Vala-Ljots Saga: "Ja," segir Guðmundr, "sé ek, at þú þykkist vel leikit hafa, enn svá segir mér hugr um, at rautt mun sjá í skorina fyrir hinar þriðju vetrnætr." "Well," says Guðmundur, "I see that you pretend to have played well, and yet I have the courage to say that red will be seen in the score for the third winter night." SWEDEN: The Swedes had three major holidays that were publicly held at Uppsala, while the Swedish Poem Austrfararvisur states clearly Alfablot was a family only ritual done in the homestead, in which non-family members were excluded. The Ynglinga Saga (chapter 8), from the year 1225, lists the three great blots of the year for the SWEDES: “Odin established the same law in his land that had been in force in Asaland… On winter day (first day of winter) there should be blot for a good year, and in the middle of winter for a good crop; and the third blot should be on summer day, a Victory-blot.” --- Those of Swedish heritage would celebrate Winter Nights (the start of winter) as a blot for a good year. Please note, a "blot for a good year" implies that Winter Nights was also the Swedish New Year. "As long as heathendom lasted he was wont to hold three blood offerings: one on Winter Nights, a second at mid-Winter, and the third at the start of summer. But when he became a Christian he kept up in the same way with the feasts: In the autumn he had a great feast of friends, then in winter a Yule Feast, when he bade many men come to him again, and the third he had at Paska, when he had also a great crowd of guests." (Saga of St. Olav, ch 117).
ICELAND: Viga-Glum's Saga chapter 6: "At the start of winter a sumble was prepared, and a disablot in which observance all were expected to take part, but Glum sat in his place and did not attend it." It appears in Iceland that a disablot accompanied Winter Nights.
NORWAY (Norse): Ynglinga Saga 8 (Sweden) makes clear there were three major blots held at Uppsala, including Winter Nights. However, Norwegian Winter Nights is done at the homestead, not at Swedish Uppsala. Please note that the word "veturnóttum" was used in Norway, per Gísla saga Súrssonar (Saga of Gisla the Outlaw). This saga makes clear that Haustblot is another name for Winter Nights. Gisla saga Surssonar chapter 6, last sentence, and beginning of chapter 7: "And now the summer slips away, and the first winter night was nigh at hand. Gisli made a sumble, and bade his friends to it he wished to have a gathering, and so to welcome both the winter and his friends; but he had left off all heathen blots since he had been in Viborg with Sigrhadd. He bade to the feast both the Thorkels and his cousins, the sons of Bjartmar. So that the day that the guests were looked for Gisli made ready his house." --- I love this passage, as it shows that family and close friends were invited to the holy day blot and sumble.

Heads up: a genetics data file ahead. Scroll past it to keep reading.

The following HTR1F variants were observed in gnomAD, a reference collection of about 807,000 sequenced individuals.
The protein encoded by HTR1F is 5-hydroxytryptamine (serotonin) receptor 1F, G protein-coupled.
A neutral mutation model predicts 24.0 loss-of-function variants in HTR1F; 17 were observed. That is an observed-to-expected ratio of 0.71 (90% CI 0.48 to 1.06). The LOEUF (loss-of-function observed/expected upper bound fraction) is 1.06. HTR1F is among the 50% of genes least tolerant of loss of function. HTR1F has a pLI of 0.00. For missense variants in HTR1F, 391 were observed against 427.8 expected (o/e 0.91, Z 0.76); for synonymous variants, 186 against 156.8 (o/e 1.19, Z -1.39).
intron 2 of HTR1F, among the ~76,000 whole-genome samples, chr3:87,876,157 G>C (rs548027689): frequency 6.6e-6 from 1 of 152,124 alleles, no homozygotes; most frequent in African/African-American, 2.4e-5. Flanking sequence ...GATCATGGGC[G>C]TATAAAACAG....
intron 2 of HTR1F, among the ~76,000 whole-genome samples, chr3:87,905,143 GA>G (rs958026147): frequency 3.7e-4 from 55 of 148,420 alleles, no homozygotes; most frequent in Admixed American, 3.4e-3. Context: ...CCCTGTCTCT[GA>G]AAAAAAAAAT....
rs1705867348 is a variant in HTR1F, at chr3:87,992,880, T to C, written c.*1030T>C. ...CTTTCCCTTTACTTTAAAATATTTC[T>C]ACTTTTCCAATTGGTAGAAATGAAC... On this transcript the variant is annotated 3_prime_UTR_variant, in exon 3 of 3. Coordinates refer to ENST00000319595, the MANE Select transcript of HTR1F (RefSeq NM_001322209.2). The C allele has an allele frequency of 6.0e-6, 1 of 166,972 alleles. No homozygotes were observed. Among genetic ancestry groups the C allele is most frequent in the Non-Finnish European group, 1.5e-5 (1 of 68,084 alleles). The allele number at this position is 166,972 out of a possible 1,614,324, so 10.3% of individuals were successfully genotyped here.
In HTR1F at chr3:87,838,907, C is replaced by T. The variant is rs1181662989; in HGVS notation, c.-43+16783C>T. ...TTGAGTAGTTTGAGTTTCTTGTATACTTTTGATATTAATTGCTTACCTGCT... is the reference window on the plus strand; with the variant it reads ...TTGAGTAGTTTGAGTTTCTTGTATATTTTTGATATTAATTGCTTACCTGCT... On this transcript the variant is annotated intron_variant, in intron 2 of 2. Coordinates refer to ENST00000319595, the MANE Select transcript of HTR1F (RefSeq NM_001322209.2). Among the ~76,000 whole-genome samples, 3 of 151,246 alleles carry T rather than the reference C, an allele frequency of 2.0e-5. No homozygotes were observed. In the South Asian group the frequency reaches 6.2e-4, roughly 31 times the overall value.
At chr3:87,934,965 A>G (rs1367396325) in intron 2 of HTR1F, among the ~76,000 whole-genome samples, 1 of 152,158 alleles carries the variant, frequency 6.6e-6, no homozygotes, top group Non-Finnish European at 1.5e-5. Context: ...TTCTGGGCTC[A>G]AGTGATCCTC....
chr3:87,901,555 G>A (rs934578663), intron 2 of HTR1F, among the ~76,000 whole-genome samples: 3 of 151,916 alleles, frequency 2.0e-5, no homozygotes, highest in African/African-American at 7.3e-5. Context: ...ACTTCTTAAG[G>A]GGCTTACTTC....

Gisla saga Surssonar chapter 9: "Thorgrim meant to have a Haustblot on Winter Nights, and to sacrifice to Frey. He bids to it his brother Bork, and Eyjolf the son of Thord, and many other great men. Gisli too made ready a feast, and bids to it his brothers-in-law from Arnafirth, and the two Thorkels; so that there were full sixty men at his house. There was to be a drinking-bout Sumble at each house, and the floor at Sæbol was covered with sedge won from Sedgetarn." --- This is another great passage, showing that close family and friends were invited for Winter Nights at the homestead . The Norse word "veturnóttum" is used in this passage, and also the word "haustblot." It appears to me, in Norway, the first night of Winter Nights, a harvest blot was made, as "haustblot" means "harvest blot." Since the pre-Christian Heathen Winter began in mid-late October, it makes sense that a portion of the harvest was shared with the Gods and Ancestors, as the food that was grown all summer long would be shared with the Gods/Ancestors/Wights on the first day of winter. All Germanic Heathens: Please note: According to the Norse Heathen Calendar, recorded by the Iceland Althing circa 930 AD, the Scandinavians had two seasons: Summer and Winter. According to the Anglish Calendar as well, recorded by Bede in 725 AD, these Germanic Peoples also had just two seasons, Summer and Winter. Summer and Winter Started on Full Moons. There were four "greater" full moons a year, each quarter of the year was three full moons apart. Therefore, Yule, or Mid-winter, was three full moons after Winter Nights, which was Three Full Moons before Sigurblot (Norse) or Eostre (Anglish/Saxon.) Please also note, as Yule is on the Full Moon of Jolmanuthr (Yule Moon), Winter Nights or Haustblot was on the full moon of Haustmanuathr, exactly three full moons before Yule. The start of Summer would be three full moons after Yule Full Moon. The start of Summer is called "Sigrblot" in the sagas. On a completely different note, I found that a wedding took place on Winter Nights. See Lexdaela Saga chapter 42. It is "interesting" to me that Norse Heathens did a wedding on a historical high holy day. CONCLUSION: On the Full Moon of Haustmanuthr (Norse), or the Full Moon of "WInterfylleth" (Anglish), is a blot and sumble night. For the Swedes, this was public at Uppsala. We have no evidence to prove that for the Saxons in Saxony, Winter Full Moon was done at the Irminsul vs. at home. My guess (emphasis on guess) is that those in southern Westphalia and Angria probably presented offerings at the Irminsul and then did blot and sumble at the homestead and in their Sacred Groves. In Norway and Iceland, Winter Nights was done at the homestead with family and close friends (close friends who for some reason, were not celebrating with their family). PS- I see many people on Facebook claiming that they are bringing back the "Old Ways." This implies they are bringing back the Old Ways of their Germanic Heathen Ancestors. This is becoming too "cliche" with so many people claiming they are bringing back the Old Ways, who have not read the historical sources first, to even know what the Old Ways are. The Old Ways, does require homework, and patience. But remember, we as Heathens need to be WORTHY of the Gods we venerate, and therefore, we should approach our Gods the way THEY want to be approached. Our Ancestors had centuries of experience in veneration of our Ancestral Gods. To ignore the wisdom left behind in the Sagas and historical sources, is ignoring our Ancestors' experience. Sure, at times, we must sift out Christian bias from these sources. But it is the job of all of us, who truly want the Old Ways, to be worthy of our great Heathen Ancestors. We are our deeds, and sometimes, good deeds start with some research. Happy Winter everyone!